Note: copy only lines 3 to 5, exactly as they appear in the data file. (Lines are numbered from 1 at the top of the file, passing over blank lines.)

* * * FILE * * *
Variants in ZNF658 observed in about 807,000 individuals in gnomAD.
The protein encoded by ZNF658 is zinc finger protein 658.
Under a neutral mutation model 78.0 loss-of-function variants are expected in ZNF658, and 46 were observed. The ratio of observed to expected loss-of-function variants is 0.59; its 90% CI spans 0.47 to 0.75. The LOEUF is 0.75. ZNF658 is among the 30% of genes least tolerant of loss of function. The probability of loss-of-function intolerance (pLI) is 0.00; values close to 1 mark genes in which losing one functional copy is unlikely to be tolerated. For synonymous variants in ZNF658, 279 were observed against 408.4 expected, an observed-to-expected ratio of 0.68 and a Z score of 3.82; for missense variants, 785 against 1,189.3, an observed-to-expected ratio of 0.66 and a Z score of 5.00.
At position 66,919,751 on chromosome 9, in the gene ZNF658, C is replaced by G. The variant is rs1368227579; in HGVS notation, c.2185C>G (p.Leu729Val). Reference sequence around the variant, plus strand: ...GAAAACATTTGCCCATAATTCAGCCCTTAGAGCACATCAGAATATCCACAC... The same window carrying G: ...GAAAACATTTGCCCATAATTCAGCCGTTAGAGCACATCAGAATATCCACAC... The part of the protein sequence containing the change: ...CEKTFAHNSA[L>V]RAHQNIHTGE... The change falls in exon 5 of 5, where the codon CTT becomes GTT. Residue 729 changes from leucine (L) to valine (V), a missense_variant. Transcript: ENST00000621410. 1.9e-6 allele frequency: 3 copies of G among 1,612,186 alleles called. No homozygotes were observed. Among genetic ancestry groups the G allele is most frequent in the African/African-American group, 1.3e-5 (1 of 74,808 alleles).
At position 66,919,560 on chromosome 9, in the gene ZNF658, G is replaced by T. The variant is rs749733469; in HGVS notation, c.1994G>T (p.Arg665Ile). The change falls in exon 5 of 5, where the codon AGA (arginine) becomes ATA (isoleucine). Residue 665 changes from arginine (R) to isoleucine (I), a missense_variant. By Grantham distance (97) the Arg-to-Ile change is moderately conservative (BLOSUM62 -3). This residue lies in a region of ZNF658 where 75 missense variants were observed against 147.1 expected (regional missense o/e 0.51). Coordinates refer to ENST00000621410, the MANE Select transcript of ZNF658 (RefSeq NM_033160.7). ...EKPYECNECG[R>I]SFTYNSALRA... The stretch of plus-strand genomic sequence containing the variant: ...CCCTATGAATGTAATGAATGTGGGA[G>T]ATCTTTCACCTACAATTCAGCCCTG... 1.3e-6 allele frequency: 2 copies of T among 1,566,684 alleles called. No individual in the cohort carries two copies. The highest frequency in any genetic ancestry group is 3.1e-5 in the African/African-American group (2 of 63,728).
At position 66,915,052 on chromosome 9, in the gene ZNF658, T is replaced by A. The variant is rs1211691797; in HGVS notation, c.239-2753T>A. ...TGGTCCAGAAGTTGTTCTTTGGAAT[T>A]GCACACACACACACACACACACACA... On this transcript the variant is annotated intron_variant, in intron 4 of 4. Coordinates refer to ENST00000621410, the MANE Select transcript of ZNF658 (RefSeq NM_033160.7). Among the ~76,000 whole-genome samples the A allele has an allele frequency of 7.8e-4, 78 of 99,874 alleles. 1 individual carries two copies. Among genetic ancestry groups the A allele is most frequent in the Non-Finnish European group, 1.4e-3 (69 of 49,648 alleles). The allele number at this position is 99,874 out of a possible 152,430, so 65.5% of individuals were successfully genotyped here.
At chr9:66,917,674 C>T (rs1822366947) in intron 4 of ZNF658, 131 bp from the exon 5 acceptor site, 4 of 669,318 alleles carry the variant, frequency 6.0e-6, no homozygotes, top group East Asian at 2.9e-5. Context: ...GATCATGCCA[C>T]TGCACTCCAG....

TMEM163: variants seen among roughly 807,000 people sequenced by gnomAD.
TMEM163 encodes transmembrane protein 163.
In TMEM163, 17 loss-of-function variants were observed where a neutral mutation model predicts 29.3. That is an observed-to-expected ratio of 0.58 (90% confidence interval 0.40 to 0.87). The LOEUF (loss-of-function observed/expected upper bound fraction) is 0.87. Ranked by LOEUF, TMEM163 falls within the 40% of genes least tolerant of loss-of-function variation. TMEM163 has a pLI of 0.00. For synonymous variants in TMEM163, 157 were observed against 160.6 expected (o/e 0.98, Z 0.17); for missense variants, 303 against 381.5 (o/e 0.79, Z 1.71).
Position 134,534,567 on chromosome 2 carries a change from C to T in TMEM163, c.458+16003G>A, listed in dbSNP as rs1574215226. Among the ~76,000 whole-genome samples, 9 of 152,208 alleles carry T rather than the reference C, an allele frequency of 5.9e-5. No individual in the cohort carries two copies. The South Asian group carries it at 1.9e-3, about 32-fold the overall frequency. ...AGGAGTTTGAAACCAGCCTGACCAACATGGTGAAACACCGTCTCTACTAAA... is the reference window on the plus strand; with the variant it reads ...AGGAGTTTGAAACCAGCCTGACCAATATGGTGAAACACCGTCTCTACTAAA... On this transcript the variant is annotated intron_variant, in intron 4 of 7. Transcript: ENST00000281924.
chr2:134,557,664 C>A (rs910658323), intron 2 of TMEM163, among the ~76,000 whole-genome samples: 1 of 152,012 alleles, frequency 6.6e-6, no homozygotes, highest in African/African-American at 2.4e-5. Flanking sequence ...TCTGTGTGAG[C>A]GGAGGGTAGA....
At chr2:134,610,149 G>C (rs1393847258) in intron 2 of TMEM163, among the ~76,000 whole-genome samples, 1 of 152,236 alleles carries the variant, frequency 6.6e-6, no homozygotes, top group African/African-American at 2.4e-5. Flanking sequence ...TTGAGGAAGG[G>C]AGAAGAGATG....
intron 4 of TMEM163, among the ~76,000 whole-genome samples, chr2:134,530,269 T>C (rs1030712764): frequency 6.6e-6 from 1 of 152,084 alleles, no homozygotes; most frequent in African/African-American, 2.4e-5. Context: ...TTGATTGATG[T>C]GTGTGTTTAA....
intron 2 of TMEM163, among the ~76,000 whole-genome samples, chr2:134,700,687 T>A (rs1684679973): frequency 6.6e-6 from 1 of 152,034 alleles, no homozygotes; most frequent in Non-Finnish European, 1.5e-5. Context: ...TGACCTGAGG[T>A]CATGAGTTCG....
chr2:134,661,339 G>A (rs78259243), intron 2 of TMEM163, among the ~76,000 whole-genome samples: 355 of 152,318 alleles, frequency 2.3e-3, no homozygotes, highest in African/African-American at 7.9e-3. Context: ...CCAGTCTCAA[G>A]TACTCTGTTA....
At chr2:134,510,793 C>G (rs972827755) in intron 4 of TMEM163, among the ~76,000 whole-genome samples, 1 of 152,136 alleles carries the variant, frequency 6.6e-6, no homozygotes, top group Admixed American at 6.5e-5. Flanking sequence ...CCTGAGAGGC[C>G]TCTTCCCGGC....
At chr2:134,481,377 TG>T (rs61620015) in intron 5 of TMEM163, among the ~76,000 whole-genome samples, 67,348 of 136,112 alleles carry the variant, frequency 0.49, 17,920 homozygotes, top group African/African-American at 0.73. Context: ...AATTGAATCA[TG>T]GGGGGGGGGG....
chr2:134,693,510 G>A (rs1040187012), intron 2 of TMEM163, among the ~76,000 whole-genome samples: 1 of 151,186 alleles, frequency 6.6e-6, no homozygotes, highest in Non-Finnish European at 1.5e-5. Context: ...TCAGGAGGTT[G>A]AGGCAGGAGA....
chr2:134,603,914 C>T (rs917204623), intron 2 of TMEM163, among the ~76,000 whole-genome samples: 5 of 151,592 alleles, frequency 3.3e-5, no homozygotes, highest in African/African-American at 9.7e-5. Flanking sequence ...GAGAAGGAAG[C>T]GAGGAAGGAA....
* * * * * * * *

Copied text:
Under a neutral mutation model 78.0 loss-of-function variants are expected in ZNF658, and 46 were observed. The ratio of observed to expected loss-of-function variants is 0.59; its 90% CI spans 0.47 to 0.75. The LOEUF is 0.75. ZNF658 is among the 30% of genes least tolerant of loss of function. The probability of loss-of-function intolerance (pLI) is 0.00; values close to 1 mark genes in which losing one functional copy is unlikely to be tolerated. For synonymous variants in ZNF658, 279 were observed against 408.4 expected, an observed-to-expected ratio of 0.68 and a Z score of 3.82; for missense variants, 785 against 1,189.3, an observed-to-expected ratio of 0.66 and a Z score of 5.00.
At position 66,919,751 on chromosome 9, in the gene ZNF658, C is replaced by G. The variant is rs1368227579; in HGVS notation, c.2185C>G (p.Leu729Val). Reference sequence around the variant, plus strand: ...GAAAACATTTGCCCATAATTCAGCCCTTAGAGCACATCAGAATATCCACAC... The same window carrying G: ...GAAAACATTTGCCCATAATTCAGCCGTTAGAGCACATCAGAATATCCACAC... The part of the protein sequence containing the change: ...CEKTFAHNSA[L>V]RAHQNIHTGE... The change falls in exon 5 of 5, where the codon CTT becomes GTT. Residue 729 changes from leucine (L) to valine (V), a missense_variant. Transcript: ENST00000621410. 1.9e-6 allele frequency: 3 copies of G among 1,612,186 alleles called. No homozygotes were observed. Among genetic ancestry groups the G allele is most frequent in the African/African-American group, 1.3e-5 (1 of 74,808 alleles).
At position 66,919,560 on chromosome 9, in the gene ZNF658, G is replaced by T. The variant is rs749733469; in HGVS notation, c.1994G>T (p.Arg665Ile). The change falls in exon 5 of 5, where the codon AGA (arginine) becomes ATA (isoleucine). Residue 665 changes from arginine (R) to isoleucine (I), a missense_variant. By Grantham distance (97) the Arg-to-Ile change is moderately conservative (BLOSUM62 -3). This residue lies in a region of ZNF658 where 75 missense variants were observed against 147.1 expected (regional missense o/e 0.51). Coordinates refer to ENST00000621410, the MANE Select transcript of ZNF658 (RefSeq NM_033160.7). ...EKPYECNECG[R>I]SFTYNSALRA... The stretch of plus-strand genomic sequence containing the variant: ...CCCTATGAATGTAATGAATGTGGGA[G>T]ATCTTTCACCTACAATTCAGCCCTG... 1.3e-6 allele frequency: 2 copies of T among 1,566,684 alleles called. No individual in the cohort carries two copies. The highest frequency in any genetic ancestry group is 3.1e-5 in the African/African-American group (2 of 63,728).